Forty-four million people in the United States, or one in seven residents, lived in poverty in 2009, an increase of 4 million from the year before, the Census Bureau reported on Thursday.  The poverty rate climbed to 14.3 percent — the highest level since 1994 — from 13.2 percent in 2008. The rise was steepest for children, with one in five residents under 18 living below the official poverty line, the bureau said.

The report provides the most detailed picture yet of the impact of the recession and unemployment on incomes, especially at the bottom of the scale. It also found that the temporary increases in benefits in last year’s stimulus bill eased the burdens on millions of families.

For a single adult in 2009, the poverty line was $10,830 in pretax cash income; for a family of four, $22,050.

The number of residents without health insurance in 2009 climbed to 51 million, from 46 million in 2008. The share of children who were uninsured fell, though, reflecting an expansion of government health programs covering low-income children. The share of uninsured adults rose, as a long-term decline continued in the number who have private health insurance. Health experts expect the share of residents without health coverage to decline in coming years as the health care overhaul adopted by Congress in March begins to take effect.

Government benefits like food stamps and tax credits, which can provide hundreds or even thousands of dollars in extra income, are not included in calculating whether a family’s income falls above or below the poverty line. But rises in the cost of housing, medical care or energy and the large regional difference in the cost of living are not taken into account either.

By any measure, living on so little income is precarious, and some experts think that people who are getting by on as much as twice the official poverty line should nonetheless be considered poor.

If the temporarily augmented food-stamp benefits and low-income tax credits were included as income, close to 8 million of those labeled as poor in the report would instead be just above the poverty line, the Census report estimated.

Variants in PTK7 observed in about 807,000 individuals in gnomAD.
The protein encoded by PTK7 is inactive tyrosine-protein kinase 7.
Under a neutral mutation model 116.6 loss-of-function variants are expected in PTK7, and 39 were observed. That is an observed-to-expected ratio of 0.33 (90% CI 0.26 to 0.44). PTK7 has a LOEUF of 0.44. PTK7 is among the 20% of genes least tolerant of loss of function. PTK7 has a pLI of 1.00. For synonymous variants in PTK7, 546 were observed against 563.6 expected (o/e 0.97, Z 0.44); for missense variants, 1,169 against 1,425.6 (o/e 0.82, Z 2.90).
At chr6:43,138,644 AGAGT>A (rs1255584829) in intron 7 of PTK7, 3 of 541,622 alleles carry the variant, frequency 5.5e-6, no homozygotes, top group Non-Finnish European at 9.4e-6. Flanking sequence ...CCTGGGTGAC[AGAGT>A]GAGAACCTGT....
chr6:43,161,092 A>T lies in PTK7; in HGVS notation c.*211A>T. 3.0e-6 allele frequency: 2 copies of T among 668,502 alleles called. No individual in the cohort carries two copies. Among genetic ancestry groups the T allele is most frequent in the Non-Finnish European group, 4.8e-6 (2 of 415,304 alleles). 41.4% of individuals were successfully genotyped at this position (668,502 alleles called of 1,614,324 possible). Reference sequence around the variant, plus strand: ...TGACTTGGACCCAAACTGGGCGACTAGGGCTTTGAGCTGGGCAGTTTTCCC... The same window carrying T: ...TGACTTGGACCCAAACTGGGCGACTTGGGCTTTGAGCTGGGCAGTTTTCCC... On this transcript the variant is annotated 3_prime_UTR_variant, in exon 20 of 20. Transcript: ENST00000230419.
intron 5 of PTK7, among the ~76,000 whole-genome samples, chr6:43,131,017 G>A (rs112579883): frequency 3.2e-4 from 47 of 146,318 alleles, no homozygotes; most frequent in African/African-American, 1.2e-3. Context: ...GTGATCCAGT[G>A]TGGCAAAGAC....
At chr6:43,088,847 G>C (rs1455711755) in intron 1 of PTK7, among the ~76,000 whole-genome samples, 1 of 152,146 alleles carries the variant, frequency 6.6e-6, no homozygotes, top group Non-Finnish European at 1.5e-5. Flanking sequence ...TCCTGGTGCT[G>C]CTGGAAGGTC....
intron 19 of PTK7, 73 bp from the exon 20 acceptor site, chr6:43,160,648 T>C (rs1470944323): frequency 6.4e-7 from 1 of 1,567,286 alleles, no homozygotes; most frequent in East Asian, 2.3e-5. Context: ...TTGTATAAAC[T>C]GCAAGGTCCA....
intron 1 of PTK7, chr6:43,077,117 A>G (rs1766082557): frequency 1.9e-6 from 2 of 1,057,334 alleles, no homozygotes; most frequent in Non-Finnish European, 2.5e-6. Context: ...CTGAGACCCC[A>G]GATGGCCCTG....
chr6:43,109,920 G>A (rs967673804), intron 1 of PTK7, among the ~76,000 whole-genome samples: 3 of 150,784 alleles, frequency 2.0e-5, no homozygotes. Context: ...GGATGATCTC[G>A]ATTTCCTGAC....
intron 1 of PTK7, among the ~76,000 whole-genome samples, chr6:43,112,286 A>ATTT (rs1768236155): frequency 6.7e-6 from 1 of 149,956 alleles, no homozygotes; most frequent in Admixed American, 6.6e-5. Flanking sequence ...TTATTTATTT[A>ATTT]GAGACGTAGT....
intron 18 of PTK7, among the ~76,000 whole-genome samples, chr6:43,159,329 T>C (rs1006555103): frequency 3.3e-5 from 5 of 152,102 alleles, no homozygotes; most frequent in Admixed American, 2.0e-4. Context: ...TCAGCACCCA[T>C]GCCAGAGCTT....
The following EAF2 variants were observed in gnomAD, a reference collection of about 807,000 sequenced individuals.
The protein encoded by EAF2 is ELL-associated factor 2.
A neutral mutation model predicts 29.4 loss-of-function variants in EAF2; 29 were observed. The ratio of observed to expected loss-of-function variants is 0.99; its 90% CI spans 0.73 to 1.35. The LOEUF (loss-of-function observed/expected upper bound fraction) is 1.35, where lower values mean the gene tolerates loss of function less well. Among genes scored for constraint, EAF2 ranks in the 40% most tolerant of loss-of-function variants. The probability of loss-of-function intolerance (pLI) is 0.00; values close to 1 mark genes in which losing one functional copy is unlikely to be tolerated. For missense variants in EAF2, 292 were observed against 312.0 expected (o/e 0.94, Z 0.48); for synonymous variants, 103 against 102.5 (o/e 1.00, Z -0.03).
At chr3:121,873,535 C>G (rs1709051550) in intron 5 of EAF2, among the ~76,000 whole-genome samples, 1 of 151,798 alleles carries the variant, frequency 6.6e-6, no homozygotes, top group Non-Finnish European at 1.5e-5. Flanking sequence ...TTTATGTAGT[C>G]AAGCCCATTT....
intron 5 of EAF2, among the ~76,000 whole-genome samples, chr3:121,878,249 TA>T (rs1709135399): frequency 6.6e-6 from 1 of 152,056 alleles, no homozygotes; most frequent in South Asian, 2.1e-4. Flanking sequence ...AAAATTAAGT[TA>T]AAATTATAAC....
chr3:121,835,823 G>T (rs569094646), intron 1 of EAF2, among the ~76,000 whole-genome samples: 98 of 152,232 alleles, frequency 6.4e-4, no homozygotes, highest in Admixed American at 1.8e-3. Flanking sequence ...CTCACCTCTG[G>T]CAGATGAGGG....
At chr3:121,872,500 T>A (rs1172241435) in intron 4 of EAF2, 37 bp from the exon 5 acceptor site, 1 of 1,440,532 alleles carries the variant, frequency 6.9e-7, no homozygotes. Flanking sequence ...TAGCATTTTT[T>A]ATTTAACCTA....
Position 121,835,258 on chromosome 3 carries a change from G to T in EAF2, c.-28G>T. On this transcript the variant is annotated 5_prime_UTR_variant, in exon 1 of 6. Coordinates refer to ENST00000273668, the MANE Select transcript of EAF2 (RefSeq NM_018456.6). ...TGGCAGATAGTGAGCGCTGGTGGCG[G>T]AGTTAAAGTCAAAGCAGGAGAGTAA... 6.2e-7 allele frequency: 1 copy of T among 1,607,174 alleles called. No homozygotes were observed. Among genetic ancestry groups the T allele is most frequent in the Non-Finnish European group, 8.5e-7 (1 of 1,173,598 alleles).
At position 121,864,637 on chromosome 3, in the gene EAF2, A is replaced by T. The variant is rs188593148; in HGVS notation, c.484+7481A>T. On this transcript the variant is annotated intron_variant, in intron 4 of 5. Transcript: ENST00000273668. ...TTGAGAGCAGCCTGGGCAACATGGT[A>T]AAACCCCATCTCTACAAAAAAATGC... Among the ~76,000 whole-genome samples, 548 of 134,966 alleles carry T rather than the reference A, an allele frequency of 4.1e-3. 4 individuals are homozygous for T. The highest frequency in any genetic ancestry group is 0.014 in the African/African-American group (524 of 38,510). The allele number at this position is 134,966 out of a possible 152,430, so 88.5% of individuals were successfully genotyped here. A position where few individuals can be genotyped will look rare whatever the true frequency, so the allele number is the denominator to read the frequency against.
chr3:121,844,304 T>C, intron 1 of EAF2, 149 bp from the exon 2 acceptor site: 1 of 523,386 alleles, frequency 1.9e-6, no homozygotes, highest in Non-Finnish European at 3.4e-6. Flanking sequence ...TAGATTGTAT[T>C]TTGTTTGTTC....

At the same time, expanded unemployment benefits, which are considered cash income and included in the calculations, helped keep 3 million families above the line last year, the report said.

The median income of all families remained roughly the same from 2008 to 2009. It had fallen sharply the year before, as the recession gained steam, and remains well below the levels of the late 1990s, a sign of the stagnation or decline in earnings of nonelderly Americans as a group.

Some economists had predicted that household incomes would fall further in the latest report.

David Johnson, a division chief of the Census Bureau, said that taking the two latest years together, the 3.4 percent drop in incomes in 2008 and 2009 was comparable to the income declines during previous recessions.

The poverty line is a flawed measure, experts agree, but it remains the best consistent long-term guage of need available, and its ups and downs seem to reflect genuine trends.

When the line was first developed in the 1960s, it was based principally on the cost of food. Since then, it has been adjusted for inflation, and the costs of housing, medical care and energy have become far more important factors. At the same time, the growth in noncash benefits and tax credits have not been included.

The federal government is devising an alternate calculation that will include important non-cash and after-tax income, and account for regional differences in costs. But it will continue to calculate the rate in the current way as well, in part because eligibility for many benefit programs, from Medicaid to free school lunches, is based on the longstanding poverty line.

September 16, 2010